Some final thoughts for the year

As the year comes to a close, a few thoughts come to mind about the meal prep industry, and those "industry leaders", Dream Dinners and Super Suppers.

Dream Dinners has been using their blogs to promote Dr. Brent, but how does that benefit owners?

Personally, I had to ask just who this Dr. Brent was. The answer? He’s a farmer, who Vanity Fair thinks is sexy.

Mind you, I see nothing wrong with Dr. Brent or his ideology, in fact they sound pretty good, but I’m just wondering how constantly promoting him promotes the meal assembly industry and helps the struggling store owner in this down economy.

If Dream Dinners can promote Dr. Brent, who doesn’t seem to have any affiliation with meal assembly, how come there isn’t a section on asking their dietician for help and guidance? It would seem a little more "grass roots" to me if they turned to someone within their own ranks. It’s certainly possible I missed it (perhaps that chef touched tips site is a gem and has all the answers), but so far, I’m not seeing it.

Why is Dream Dinners using the same marketing materials they used 3 years ago? (I think the pictures are even the same) If it didn’t work back then, what makes them think it will work now? Do they figure everyone has just forgotten? Is this what they’re spending all that marketing money on; free blogs and rehashed brochure material? Not to mention the free Twitter and Facebook accounts (that again seem to promote Dr. Brent more than anything else). Hmm, what is Dream Dinners actually paying for?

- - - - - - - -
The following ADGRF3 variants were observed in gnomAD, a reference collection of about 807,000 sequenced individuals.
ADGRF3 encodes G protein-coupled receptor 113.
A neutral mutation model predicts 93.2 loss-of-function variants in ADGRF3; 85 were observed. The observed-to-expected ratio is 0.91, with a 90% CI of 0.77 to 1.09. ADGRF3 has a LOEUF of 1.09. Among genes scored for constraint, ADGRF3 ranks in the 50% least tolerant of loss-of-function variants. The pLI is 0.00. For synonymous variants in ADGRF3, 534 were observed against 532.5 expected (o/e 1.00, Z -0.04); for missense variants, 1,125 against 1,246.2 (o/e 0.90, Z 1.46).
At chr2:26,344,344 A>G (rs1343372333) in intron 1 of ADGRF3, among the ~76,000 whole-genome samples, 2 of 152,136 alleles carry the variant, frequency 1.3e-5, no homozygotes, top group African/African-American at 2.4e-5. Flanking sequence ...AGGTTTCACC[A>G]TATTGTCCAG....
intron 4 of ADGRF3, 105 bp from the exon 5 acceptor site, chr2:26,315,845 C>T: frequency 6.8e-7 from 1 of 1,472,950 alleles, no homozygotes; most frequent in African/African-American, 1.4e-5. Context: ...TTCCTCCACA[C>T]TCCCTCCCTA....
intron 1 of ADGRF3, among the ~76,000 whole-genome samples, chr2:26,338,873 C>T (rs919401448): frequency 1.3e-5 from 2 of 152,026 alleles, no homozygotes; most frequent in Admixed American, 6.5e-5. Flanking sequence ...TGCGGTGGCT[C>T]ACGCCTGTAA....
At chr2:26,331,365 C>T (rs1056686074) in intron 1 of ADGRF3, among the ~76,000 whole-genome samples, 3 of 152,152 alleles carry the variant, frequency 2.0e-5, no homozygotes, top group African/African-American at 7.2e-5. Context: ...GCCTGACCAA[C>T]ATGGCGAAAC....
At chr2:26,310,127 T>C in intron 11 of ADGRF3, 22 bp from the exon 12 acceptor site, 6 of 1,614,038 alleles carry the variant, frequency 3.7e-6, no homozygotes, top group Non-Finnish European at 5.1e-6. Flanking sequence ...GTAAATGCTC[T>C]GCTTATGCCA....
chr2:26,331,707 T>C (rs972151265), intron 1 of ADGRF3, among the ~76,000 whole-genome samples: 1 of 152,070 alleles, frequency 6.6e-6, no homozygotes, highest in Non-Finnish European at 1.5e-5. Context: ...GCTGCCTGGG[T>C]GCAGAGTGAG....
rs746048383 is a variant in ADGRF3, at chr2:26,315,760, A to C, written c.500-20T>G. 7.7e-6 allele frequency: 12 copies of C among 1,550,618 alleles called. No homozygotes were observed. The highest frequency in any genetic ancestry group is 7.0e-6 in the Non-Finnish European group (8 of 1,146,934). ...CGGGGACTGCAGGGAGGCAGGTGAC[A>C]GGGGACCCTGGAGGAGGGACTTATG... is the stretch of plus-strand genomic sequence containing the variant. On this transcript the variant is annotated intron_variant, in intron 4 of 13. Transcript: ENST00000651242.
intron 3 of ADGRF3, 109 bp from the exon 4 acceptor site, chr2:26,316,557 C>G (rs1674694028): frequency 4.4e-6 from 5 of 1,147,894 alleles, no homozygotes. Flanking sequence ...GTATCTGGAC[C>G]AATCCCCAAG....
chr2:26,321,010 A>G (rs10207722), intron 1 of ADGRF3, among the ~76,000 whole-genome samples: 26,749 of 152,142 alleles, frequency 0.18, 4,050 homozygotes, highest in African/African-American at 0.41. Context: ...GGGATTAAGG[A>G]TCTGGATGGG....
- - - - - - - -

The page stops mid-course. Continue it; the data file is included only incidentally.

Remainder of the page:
Dream Dinners is acting as though Dinners for Life is a new idea and new company, not just a menu change from their original idea. Remember how owners thought it was just a "test"? Dream Dinners couldn’t con(vince) busy mom’s to latch onto their idea but now they expect to con(vince) diabetics (who probably have even less time and stamina to stand around and make meals) that what they’re offering is a good idea? I recall Dream Dinners promoting their "heart healthy" menu, how did that work out for them? Did it bring in droves of new customers through the doors?

Where is the Dream Dinners iPhone/iPod Touch app? Considering this is the device for the person on the go (and is selling like wildfire), how come none of the meal prep companies have made a way to order while on the go? Pizza Hut managed to figure out how to do it.

Companies like Dell have been able to bring in an estimated $3 million in sales using Twitter. What has Dream Dinners corporate accomplished with their account and its 380 followers?

As an aside, the SuperSuppers account on Twitter isn’t even owned by Super Suppers HQ, it’s used by a forward thinking store owner. Just another example of how technology challenged the meal prep industry is. We can’t all be hairdressers I suppose. Kind of also makes you think Super Suppers really isn’t in the game anymore, doesn’t it?

What do owners plan to do when Dream Dinners drops below 100 stores (thereby having only half the stores open they used to have, or a 50% failure rate)? Considering how things are going this should happen within the next 90 to 120 days. Escape plan anyone? Golden parachute? Bankruptcy attorney on speed dial?

What will owners do if Dream Dinners corporate loses the $30 million lawsuit? That court case has to be resolved some time.

With Super Supper barely clinging to 60 stores, do owners have a plan for the corporate office declaring bankruptcy? Since they really don’t seem to have a leader anyway, will there actually be much difference?